Coaching Missional Communities – Coaching Questions

May 3, 2013 — Leave a comment

I am in a series of posts on coaching, specifically as it applies to missional communities. The posts in this series are:

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Basic Coaching Questions

In addition to providing a grid to interpret and counsel, we also have a standard conversation template we have found to be very helpful for coaching.

How are you doing?

Beginning with this question sets a tone of relationship and care, rather than simply getting down to business. The answer to this question also helps you to know what tenor to take in the conversation.  If someone is discouraged, then you can focus on encouraging them in the gospel.  If someone is neutral, use it as an opportunity to inspire them.  If someone is really doing well, then use the conversation to challenge them provide some new direction.

What are you celebrating?

Listening to the answer to this question helps you understand two things.  First, it helps you identify and encourage the leader in what things are currently going well.  Secondly, what people celebrate tends to indicate what they value.  If an individual consistently talks through the excellency of relationships within the group, but rarely celebrates outsiders participating in community, they likely value intimate relationships above mission.

What challenges are you facing?

This question also gives two perspectives on the individual and the group.  First, where sinners gather, there are always challenges.  If there isn’t a response to this, or they are consistently shallow challenges, it is likely the group isn’t pursuing the vision for missional community particularly well.  Second, this question is also indicative to where there are misplaced values within the community.  If “dealing with children” is consistently a challenge, it’s likely that there is an overemphasis on the meeting and a lack of valuing demonstration of a missional community to children.

What are you doing about those challenges?

This question is vital because you first want the leader to address the challenges on their own and present creative solutions before the coach chimes in.  Ownership in leadership is expressed through problem solving…resist the temptation to solve problems for a leader!

How can I help you?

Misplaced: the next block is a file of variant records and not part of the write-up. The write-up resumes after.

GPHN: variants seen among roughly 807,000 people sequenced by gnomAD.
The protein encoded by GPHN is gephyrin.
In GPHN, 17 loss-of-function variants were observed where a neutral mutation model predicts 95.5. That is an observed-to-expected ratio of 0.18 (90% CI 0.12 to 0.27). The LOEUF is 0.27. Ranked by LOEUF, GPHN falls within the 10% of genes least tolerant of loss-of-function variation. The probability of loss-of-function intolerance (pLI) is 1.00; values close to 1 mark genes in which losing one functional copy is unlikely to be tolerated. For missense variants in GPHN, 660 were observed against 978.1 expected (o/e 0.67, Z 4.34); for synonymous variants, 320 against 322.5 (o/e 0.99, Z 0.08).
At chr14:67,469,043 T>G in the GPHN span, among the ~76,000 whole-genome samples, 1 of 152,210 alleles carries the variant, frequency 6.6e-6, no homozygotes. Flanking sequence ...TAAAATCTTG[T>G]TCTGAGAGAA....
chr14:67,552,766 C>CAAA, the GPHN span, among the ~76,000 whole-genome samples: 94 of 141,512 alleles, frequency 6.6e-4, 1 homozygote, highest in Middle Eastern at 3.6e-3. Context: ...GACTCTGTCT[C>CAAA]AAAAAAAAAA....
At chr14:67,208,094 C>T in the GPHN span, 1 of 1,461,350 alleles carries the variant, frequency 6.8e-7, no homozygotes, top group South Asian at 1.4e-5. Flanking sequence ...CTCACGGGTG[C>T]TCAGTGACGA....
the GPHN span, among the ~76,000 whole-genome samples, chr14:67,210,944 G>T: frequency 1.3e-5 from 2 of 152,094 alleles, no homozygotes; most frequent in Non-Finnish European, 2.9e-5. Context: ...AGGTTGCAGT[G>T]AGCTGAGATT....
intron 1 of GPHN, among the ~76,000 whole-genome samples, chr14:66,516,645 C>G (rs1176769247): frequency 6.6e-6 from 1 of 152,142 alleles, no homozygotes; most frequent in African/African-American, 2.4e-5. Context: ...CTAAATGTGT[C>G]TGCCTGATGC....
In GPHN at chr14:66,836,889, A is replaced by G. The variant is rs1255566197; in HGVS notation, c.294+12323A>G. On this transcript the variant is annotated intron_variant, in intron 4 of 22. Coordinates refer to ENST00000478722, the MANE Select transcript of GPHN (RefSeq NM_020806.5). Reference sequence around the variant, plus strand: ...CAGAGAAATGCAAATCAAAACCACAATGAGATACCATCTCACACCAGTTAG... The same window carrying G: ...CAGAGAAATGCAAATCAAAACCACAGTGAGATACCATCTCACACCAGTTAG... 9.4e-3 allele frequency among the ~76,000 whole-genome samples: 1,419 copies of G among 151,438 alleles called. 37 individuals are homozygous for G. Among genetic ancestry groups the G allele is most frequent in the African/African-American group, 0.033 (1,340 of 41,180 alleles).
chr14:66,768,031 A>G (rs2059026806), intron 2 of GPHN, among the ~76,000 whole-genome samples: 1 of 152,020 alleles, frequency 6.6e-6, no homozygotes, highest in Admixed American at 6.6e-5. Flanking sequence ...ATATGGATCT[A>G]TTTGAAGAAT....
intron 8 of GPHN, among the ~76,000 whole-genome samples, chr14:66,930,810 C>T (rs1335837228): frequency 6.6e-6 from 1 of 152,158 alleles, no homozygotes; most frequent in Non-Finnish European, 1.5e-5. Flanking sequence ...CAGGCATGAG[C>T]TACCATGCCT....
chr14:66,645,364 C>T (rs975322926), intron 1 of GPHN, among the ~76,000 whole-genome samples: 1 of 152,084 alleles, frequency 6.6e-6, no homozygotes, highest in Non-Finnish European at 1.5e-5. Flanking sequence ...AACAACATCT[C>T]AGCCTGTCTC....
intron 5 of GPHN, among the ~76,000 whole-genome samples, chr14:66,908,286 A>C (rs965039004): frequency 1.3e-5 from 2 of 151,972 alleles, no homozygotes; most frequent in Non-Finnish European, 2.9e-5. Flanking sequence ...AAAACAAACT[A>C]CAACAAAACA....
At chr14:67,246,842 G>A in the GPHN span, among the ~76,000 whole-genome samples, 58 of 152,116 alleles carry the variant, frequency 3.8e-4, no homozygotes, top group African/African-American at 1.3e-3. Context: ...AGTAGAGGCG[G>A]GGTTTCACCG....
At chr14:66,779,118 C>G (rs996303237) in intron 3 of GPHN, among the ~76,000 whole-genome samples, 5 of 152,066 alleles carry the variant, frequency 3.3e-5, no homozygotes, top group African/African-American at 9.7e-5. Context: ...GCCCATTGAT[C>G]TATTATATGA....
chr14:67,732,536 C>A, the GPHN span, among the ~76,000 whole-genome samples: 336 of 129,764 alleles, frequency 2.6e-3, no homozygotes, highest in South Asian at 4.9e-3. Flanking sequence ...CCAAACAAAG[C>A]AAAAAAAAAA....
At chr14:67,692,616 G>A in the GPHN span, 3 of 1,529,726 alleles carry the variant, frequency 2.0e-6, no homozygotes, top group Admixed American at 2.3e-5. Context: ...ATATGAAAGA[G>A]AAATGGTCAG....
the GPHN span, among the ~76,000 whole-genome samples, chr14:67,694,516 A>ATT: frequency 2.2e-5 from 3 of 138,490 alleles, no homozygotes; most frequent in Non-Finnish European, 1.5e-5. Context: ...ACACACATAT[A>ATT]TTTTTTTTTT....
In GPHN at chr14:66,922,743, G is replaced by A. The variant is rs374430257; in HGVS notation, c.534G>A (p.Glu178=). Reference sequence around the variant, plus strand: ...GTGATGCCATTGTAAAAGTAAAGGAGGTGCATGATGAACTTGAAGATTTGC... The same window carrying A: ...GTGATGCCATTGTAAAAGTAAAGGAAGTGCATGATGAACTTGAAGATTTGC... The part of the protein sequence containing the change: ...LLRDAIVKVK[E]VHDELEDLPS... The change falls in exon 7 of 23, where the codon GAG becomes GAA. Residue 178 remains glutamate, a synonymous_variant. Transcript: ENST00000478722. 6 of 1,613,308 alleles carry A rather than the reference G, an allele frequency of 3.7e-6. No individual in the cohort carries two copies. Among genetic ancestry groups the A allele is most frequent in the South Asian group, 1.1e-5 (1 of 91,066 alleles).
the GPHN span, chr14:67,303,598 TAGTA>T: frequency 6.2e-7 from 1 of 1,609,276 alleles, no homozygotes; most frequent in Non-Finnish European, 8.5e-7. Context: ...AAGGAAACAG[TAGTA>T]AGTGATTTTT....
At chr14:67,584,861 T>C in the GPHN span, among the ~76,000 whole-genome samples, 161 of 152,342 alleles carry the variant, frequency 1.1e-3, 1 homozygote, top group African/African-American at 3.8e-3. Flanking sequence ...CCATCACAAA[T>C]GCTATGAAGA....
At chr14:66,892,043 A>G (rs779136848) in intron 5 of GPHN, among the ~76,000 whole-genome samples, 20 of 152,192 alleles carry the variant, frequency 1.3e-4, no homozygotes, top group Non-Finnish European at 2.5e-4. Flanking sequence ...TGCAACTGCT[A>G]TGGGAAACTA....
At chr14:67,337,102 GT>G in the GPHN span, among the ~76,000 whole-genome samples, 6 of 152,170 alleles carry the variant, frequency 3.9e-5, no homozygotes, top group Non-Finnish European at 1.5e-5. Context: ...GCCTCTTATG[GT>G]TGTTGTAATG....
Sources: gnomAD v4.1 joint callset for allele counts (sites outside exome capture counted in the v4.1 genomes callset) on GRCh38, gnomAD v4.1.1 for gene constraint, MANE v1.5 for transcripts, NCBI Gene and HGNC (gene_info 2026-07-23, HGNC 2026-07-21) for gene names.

This questions helps you respond in a constructive way and meet any needs of the leader or the community.  It is also an opportunity to listen for both the strengths and weaknesses of the leader.  If they are consistently requesting articles or books, it’s likely they are a learner and predominantly lead through teaching, for example.

How can I pray for you? 

Finally, you can care best for a leader by committing to and following up with prayer.  Additionally, this question helps identify particular areas of concern that the leader has which may not be skill-based issues.  Often here is where a leader will reveal a deep issue that is plaguing their community or express concern for an issue that needs to be addressed by an elder or pastor.

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This conversation pattern has been tremendously helpful for me in coaching missional communities, leading ministry teams, and in many circumstances where I’m just getting to know someone.  They aren’t foolproof, but it’s a really helpful template to follow!

Todd Engstrom

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Although I was raised in the church and had a knowledge of God, I didn’t embrace Jesus until I heard gospel preached and lived out by some Young Life leaders. God has proven faithful and good to me since that day, even in great suffering and loss. I have learned to treasure Romans 8:28 as a wellspring of hope and truth. God has blessed me with an amazing wife (Olivia), three sons (Micah, Hudson and Owen) and a daughter (Emmaline). Growing up in the northwest, the thought never crossed my mind that I would have four children who are native Texans. Despite landing in the south, I still watch Notre Dame games with my children every Saturday in hopes they will land at my alma mater.

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